David Price checks in with this assessment of Project 52.
“My thanks to Don Giannatti, whom I found as Wizwow on one of the lighting forums, and followed him to Lighting Essentials. What a terrific resource! When I first heard about Project 52, I wasn’t certain what to think. Real-world situations with critiques. I sat back the first few weeks and watched, and I listened. The critiques were full of really good information. The community that was building in was just that, a community. I decided to jump in part way through, and I’m glad I did.
I am a music teacher by trade, with a life-long affinity for photography. I have always liked taking people portraits, usually at parties and other events. I know that I would like to build my skills as a portrait and event photographer, on the ever-increasing chance that music in the public schools is something that is taken away from my students, like it has for so many others around the country.
Project 52 provided a chance to hone a skill set specifically of a professional commercial photographer, but I see the value in what we are learning translates to a wide variety of photographic endeavors – editorial, portrait, wedding & events, and others. Yes, I’m eclectic. I think they’re all important, and inter-related.
What did I learn?
I shot to layout for the first time. I took my first pour shot. Planning, dealing with lighting levels background to foreground, reflectors, shiny surfaces, clear-ish liquids, set size – heck, a set location – pouring action, and triggering the camera, oh my… I had even shot the pour from the wrong side and gotten the label upside down. Oops. But still, I learned from it and moved on.
I was able to use skills learned from that to plan out and try lighting a perfume bottle. That went much smoother than the pour shot. It was also the first project of the year that Don complimented, and that felt really good.
I tackled my fear of the unknown and took shots of strangers for the first time with my local fire department. I treated that like a service project. They got pictures for their personal use (prints, Facebook, etc.) if they liked, and in trade I got access, time, and a chance to meet some pretty cool people and a neat, new firehouse.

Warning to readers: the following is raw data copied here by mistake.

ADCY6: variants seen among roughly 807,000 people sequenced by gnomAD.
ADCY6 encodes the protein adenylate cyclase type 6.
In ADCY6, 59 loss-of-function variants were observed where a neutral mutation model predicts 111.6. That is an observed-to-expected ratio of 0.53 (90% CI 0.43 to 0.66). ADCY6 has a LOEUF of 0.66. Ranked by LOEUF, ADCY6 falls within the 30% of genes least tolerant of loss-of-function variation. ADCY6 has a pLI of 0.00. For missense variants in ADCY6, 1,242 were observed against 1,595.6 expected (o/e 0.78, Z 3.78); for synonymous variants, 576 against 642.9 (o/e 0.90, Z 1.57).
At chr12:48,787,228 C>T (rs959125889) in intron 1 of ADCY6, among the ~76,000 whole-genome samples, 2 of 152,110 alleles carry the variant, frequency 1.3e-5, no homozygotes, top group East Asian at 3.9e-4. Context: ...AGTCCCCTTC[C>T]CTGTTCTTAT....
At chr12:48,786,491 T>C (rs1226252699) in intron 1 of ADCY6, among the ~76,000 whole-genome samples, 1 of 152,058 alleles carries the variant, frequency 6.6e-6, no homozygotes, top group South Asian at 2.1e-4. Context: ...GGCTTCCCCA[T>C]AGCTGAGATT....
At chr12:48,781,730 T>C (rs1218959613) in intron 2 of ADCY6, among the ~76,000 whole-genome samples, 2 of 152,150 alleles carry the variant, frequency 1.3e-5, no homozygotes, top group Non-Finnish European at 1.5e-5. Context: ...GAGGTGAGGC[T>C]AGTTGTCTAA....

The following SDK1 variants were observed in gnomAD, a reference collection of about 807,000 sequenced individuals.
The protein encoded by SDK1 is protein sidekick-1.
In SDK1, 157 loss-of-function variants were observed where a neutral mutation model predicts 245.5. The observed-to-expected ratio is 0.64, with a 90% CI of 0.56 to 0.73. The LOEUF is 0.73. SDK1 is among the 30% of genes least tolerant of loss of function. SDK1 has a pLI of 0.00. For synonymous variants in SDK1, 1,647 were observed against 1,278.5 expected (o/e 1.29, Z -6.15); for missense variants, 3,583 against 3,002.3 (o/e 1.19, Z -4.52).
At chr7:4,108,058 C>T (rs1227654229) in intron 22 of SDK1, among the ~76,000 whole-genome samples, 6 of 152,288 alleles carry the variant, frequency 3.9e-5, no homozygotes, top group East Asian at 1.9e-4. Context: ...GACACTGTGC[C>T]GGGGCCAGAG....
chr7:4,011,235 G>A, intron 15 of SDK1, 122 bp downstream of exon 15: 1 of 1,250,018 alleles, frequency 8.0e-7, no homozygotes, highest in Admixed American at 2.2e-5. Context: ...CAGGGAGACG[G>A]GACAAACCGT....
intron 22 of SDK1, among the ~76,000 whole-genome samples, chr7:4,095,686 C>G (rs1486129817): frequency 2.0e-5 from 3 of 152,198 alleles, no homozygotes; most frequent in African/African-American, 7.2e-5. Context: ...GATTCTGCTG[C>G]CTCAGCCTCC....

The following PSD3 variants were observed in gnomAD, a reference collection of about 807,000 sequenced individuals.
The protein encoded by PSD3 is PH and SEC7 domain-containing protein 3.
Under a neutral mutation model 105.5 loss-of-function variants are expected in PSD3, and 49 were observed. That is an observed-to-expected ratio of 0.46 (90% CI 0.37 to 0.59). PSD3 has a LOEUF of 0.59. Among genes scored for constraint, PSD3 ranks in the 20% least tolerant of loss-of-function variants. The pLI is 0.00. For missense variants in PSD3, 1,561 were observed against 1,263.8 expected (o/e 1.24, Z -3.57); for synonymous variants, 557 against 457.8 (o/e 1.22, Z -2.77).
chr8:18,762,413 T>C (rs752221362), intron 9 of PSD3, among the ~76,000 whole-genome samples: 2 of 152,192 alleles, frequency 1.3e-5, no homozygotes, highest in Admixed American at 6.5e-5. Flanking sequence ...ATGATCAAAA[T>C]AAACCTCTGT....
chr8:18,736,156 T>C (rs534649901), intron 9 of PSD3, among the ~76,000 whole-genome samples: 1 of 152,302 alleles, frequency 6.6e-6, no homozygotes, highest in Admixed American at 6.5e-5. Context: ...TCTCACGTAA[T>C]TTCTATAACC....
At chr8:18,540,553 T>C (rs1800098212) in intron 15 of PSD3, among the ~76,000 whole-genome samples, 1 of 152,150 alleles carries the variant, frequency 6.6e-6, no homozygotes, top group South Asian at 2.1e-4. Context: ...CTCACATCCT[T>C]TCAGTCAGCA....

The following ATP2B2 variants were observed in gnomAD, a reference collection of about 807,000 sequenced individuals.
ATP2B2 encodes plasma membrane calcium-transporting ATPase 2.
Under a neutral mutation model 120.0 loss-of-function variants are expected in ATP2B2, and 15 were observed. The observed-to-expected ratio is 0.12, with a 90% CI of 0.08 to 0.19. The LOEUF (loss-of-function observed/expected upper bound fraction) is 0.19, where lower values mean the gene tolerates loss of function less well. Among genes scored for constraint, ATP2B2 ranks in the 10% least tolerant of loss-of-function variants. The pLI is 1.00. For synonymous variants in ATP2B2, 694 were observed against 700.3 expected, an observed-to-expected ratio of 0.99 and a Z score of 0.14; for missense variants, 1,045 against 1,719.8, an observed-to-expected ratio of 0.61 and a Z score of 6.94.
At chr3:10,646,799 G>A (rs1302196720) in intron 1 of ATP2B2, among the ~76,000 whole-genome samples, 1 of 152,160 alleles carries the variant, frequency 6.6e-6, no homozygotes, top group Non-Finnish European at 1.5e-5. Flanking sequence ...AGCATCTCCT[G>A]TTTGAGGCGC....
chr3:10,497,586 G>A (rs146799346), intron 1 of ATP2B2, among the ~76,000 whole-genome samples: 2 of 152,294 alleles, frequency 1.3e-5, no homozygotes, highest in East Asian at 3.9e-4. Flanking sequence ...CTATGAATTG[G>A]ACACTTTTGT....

I liked the idea of macro photography before, and couple of the assignments gave me an opportunity to try a new-to-me macro bellows. The hard part was holding the coin in focus while getting enough light to the right place. The bellows put the coin so close to the lens to be in focus that there was very little space to get the light onto the face. That was tough.
As I said above, I have always liked taking pictures of people. This year I tried to improve from just taking good grab shots to a level of trying a studio portrait or two with a magazine-level lighting, or using reflectors so that my available light shooting also improved. I can still hear Don saying, “Don’t lose them into the background. Separate them, even if only a little…”
I tried but failed a few assignments. I lived. I learned something. I’ll try it again. I’m not there yet and I know it. But, my misses are getting closer to what I want them to be, and that was a big part of why I decided to jump in when this opportunity came along.”
More from David and photographs from his portfolio after the jump.
“Not related directly to Project 52, and yet in every way related to it, I tried and succeeded in taking a family portrait against a sunset. I followed that a short time later by trying a backlit silhouette shot of a couple. I’m stretching, learning, and able to achieve a little more and more each time.
In musical terms, I am still learning scales, arpeggios, and etudes so that I can later freeform improvise, but with an intelligent background knowledge walking in the door. I’ll get there.
I’m finding my voice.
The one thing I had never had before was honest critique, both positive and, well, “how to improve for next time.” Don was willing to do that week in and week out across this past year, and for that, I thank him. It was a great opportunity this year.”
Some of David’s Images:
Thank you David, and it was a pleasure, sir.
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